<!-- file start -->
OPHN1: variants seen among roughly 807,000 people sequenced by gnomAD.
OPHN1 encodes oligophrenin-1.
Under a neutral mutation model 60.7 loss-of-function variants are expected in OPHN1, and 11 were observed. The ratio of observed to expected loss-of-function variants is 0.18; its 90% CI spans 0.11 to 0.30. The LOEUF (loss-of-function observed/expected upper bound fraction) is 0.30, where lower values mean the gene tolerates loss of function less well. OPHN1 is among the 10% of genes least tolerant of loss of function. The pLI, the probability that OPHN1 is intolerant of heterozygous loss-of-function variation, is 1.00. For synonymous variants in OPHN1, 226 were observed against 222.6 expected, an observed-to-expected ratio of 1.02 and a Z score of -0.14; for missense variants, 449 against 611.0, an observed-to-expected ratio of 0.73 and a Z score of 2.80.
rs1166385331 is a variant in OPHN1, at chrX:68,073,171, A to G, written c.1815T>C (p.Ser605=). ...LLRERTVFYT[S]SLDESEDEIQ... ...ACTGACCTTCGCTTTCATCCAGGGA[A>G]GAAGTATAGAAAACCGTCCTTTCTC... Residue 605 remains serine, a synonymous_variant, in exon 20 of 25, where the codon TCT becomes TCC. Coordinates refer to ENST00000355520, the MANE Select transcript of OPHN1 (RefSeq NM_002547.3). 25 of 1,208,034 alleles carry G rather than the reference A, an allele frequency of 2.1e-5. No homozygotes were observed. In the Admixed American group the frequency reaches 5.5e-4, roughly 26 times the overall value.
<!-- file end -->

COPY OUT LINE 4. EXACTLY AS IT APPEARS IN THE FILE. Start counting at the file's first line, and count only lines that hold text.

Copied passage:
rs1166385331 is a variant in OPHN1, at chrX:68,073,171, A to G, written c.1815T>C (p.Ser605=). ...LLRERTVFYT[S]SLDESEDEIQ... ...ACTGACCTTCGCTTTCATCCAGGGA[A>G]GAAGTATAGAAAACCGTCCTTTCTC... Residue 605 remains serine, a synonymous_variant, in exon 20 of 25, where the codon TCT becomes TCC. Coordinates refer to ENST00000355520, the MANE Select transcript of OPHN1 (RefSeq NM_002547.3). 25 of 1,208,034 alleles carry G rather than the reference A, an allele frequency of 2.1e-5. No homozygotes were observed. In the Admixed American group the frequency reaches 5.5e-4, roughly 26 times the overall value.